The Lib-Labs have mutated into the Lib-Lobs, the liberal lobbying groups.
Despite the pro-war AFL-CIO undermining his campaign, when the anti-war liberal, George McGovern, captured the Democratic nomination in 1972, the Lib-Lab argument gained credence with some radicals. Soon former SDS (Students for a Democratic Society) leader Tom Hayden and Black Panther leader Bobby Seale were running for office as Democrats. Even though the corporate leadership of the Democratic Party quickly re-established control in 1976 by installing the Jimmy Carter, the election of Reagan in 1980 tended to push even more former radicals back into alignment with liberals in a united front to defeat the Republican right, with Jesse Jackson's Rainbow Coalition runs in 1984 and 1988 being the most notable expression of this coalition.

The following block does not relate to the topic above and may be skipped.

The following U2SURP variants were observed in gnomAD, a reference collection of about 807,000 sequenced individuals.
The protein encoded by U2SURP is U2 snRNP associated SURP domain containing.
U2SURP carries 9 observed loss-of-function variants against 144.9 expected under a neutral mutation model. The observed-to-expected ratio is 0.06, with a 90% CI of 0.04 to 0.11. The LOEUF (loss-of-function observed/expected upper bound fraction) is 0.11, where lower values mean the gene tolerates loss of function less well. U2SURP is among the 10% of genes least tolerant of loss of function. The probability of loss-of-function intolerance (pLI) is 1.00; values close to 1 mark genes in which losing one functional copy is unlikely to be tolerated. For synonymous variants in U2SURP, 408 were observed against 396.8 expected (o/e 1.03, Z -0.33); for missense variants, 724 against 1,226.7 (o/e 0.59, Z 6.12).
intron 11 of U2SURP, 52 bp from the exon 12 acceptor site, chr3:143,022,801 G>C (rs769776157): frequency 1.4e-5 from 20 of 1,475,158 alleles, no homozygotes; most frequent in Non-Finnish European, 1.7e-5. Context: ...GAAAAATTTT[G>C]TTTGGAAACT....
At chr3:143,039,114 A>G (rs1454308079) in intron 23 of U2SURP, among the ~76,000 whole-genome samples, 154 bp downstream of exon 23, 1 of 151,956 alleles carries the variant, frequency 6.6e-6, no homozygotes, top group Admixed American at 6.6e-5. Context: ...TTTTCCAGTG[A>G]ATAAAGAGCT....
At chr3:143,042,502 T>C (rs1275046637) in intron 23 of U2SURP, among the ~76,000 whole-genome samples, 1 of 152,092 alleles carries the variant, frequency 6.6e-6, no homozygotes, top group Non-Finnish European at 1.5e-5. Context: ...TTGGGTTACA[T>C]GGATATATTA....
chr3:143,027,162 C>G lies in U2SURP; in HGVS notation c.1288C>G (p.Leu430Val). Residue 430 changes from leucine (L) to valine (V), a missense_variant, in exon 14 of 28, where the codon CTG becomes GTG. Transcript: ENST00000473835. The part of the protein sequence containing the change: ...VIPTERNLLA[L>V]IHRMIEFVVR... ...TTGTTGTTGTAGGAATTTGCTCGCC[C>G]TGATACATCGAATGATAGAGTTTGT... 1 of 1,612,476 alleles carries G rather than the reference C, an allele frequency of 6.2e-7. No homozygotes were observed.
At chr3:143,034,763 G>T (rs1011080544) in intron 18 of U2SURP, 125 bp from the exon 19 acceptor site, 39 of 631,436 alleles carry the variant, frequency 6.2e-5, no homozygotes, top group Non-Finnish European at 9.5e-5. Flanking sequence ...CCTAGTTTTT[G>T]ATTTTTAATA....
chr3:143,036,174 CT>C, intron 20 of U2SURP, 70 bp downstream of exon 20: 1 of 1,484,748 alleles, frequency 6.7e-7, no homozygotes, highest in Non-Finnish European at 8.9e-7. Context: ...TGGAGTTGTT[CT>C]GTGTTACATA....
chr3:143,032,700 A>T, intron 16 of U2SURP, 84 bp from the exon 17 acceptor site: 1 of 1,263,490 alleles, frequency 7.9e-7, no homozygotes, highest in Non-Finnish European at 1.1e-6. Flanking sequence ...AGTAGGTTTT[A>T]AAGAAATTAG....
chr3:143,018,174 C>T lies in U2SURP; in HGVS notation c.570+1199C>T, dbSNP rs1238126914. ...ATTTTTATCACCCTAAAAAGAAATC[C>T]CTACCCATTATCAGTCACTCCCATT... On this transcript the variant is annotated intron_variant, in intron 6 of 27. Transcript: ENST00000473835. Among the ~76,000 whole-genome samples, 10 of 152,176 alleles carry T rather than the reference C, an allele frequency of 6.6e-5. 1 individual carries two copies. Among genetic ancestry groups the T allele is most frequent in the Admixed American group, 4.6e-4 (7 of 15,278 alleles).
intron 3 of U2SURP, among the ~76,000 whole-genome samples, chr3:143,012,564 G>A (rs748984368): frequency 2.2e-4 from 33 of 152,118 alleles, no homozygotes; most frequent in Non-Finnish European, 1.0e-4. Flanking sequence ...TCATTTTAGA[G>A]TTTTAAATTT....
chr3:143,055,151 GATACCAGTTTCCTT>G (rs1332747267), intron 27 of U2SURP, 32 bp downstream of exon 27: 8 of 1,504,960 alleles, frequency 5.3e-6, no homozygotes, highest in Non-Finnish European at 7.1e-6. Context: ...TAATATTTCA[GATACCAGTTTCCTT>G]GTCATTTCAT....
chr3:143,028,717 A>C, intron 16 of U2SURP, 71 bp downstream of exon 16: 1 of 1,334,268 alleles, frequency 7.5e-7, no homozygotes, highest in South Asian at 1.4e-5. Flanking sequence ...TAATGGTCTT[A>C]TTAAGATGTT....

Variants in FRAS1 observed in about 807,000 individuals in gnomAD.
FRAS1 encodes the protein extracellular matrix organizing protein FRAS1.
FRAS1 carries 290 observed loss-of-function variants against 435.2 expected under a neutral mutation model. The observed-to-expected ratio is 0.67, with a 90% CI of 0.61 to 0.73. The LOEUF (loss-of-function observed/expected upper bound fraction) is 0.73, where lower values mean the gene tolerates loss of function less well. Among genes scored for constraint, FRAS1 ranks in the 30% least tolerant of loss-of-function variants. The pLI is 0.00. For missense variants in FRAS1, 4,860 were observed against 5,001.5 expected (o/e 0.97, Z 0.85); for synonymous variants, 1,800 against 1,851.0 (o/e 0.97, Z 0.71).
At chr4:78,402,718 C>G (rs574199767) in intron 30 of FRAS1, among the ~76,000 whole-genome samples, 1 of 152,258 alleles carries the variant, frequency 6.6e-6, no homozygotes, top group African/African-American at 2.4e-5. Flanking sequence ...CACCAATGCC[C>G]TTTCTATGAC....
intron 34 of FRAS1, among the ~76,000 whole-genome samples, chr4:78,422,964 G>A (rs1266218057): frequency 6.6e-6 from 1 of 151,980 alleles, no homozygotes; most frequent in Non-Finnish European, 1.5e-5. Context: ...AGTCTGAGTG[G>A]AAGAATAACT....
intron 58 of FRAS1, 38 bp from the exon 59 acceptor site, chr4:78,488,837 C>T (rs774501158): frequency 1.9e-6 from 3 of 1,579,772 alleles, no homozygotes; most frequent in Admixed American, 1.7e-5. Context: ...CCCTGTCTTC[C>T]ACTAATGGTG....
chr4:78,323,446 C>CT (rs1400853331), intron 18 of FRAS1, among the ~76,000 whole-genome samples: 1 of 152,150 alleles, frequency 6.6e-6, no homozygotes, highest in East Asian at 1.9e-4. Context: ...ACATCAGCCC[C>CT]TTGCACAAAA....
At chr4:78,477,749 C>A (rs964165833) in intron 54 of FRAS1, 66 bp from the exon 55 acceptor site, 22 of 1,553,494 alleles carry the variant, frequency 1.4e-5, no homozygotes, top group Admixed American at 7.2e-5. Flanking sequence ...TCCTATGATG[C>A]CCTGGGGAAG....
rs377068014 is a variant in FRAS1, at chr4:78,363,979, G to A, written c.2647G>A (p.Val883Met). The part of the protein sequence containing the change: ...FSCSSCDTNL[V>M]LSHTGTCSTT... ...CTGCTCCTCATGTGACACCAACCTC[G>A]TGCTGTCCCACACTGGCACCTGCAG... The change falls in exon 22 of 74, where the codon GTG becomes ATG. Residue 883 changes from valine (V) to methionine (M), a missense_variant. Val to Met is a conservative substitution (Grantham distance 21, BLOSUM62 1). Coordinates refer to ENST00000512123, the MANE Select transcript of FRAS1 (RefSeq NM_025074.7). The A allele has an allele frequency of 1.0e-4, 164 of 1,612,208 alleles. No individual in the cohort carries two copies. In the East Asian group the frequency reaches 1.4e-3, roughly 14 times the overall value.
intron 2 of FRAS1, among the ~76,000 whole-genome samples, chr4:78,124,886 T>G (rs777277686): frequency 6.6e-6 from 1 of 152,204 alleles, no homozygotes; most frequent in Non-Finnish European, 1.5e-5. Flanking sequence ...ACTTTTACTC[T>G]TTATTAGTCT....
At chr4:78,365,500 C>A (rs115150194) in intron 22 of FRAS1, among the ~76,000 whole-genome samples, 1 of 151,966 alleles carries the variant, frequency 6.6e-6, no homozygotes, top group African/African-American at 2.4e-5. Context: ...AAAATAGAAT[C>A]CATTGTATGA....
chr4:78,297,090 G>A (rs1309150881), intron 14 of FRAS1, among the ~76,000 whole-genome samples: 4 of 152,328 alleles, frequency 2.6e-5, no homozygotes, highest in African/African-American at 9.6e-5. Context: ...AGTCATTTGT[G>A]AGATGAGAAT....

From Lib-Labs to Lib-Lobs
Today, after 35 years, the bankruptcy of the Lib-Labs' realignment strategy is plain. The two corporate parties did realign. The southern conservative Dixiecrats are now Republicans and still control the South. Northern Republican liberals are virtually extinct. And the whole two-party spectrum has shifted to the right under corporate financial sponsorship, with a "New Democrat" Clinton/Gore administration in the 1990s implementing a Republican-authored program that is well to the right of the Nixon/Ford policies of the 1970s and even the Reagan/Bush policies of the 1980s.
The Lib-Lobs…serve the important system-legitimizing function of providing liberal cover for conservative policies.